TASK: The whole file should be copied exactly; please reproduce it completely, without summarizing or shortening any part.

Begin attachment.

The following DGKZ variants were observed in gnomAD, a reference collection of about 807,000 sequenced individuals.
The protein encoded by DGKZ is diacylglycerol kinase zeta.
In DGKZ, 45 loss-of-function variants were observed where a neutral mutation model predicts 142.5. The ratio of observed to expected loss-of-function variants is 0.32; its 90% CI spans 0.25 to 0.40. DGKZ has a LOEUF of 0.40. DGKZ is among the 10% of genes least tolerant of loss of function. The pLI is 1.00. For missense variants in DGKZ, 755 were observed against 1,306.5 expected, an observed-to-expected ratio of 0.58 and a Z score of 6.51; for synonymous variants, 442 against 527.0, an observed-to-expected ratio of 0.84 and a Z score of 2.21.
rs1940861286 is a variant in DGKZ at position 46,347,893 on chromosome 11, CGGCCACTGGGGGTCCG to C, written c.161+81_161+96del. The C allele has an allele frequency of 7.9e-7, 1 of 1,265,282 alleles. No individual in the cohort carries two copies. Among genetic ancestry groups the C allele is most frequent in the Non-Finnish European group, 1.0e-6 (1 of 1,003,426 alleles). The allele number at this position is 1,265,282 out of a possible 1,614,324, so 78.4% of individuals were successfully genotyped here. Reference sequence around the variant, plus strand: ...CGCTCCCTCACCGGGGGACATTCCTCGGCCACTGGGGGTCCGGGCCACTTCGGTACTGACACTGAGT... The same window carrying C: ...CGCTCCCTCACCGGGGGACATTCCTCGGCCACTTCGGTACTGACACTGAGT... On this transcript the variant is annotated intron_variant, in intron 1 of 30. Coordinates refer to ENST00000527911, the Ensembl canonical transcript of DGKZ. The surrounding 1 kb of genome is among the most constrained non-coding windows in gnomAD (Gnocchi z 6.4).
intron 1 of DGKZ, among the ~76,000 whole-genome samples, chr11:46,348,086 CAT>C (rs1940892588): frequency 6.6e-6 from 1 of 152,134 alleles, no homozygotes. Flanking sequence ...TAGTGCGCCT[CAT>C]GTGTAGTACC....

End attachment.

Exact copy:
The following DGKZ variants were observed in gnomAD, a reference collection of about 807,000 sequenced individuals.
The protein encoded by DGKZ is diacylglycerol kinase zeta.
In DGKZ, 45 loss-of-function variants were observed where a neutral mutation model predicts 142.5. The ratio of observed to expected loss-of-function variants is 0.32; its 90% CI spans 0.25 to 0.40. DGKZ has a LOEUF of 0.40. DGKZ is among the 10% of genes least tolerant of loss of function. The pLI is 1.00. For missense variants in DGKZ, 755 were observed against 1,306.5 expected, an observed-to-expected ratio of 0.58 and a Z score of 6.51; for synonymous variants, 442 against 527.0, an observed-to-expected ratio of 0.84 and a Z score of 2.21.
rs1940861286 is a variant in DGKZ at position 46,347,893 on chromosome 11, CGGCCACTGGGGGTCCG to C, written c.161+81_161+96del. The C allele has an allele frequency of 7.9e-7, 1 of 1,265,282 alleles. No individual in the cohort carries two copies. Among genetic ancestry groups the C allele is most frequent in the Non-Finnish European group, 1.0e-6 (1 of 1,003,426 alleles). The allele number at this position is 1,265,282 out of a possible 1,614,324, so 78.4% of individuals were successfully genotyped here. Reference sequence around the variant, plus strand: ...CGCTCCCTCACCGGGGGACATTCCTCGGCCACTGGGGGTCCGGGCCACTTCGGTACTGACACTGAGT... The same window carrying C: ...CGCTCCCTCACCGGGGGACATTCCTCGGCCACTTCGGTACTGACACTGAGT... On this transcript the variant is annotated intron_variant, in intron 1 of 30. Coordinates refer to ENST00000527911, the Ensembl canonical transcript of DGKZ. The surrounding 1 kb of genome is among the most constrained non-coding windows in gnomAD (Gnocchi z 6.4).
intron 1 of DGKZ, among the ~76,000 whole-genome samples, chr11:46,348,086 CAT>C (rs1940892588): frequency 6.6e-6 from 1 of 152,134 alleles, no homozygotes. Flanking sequence ...TAGTGCGCCT[CAT>C]GTGTAGTACC....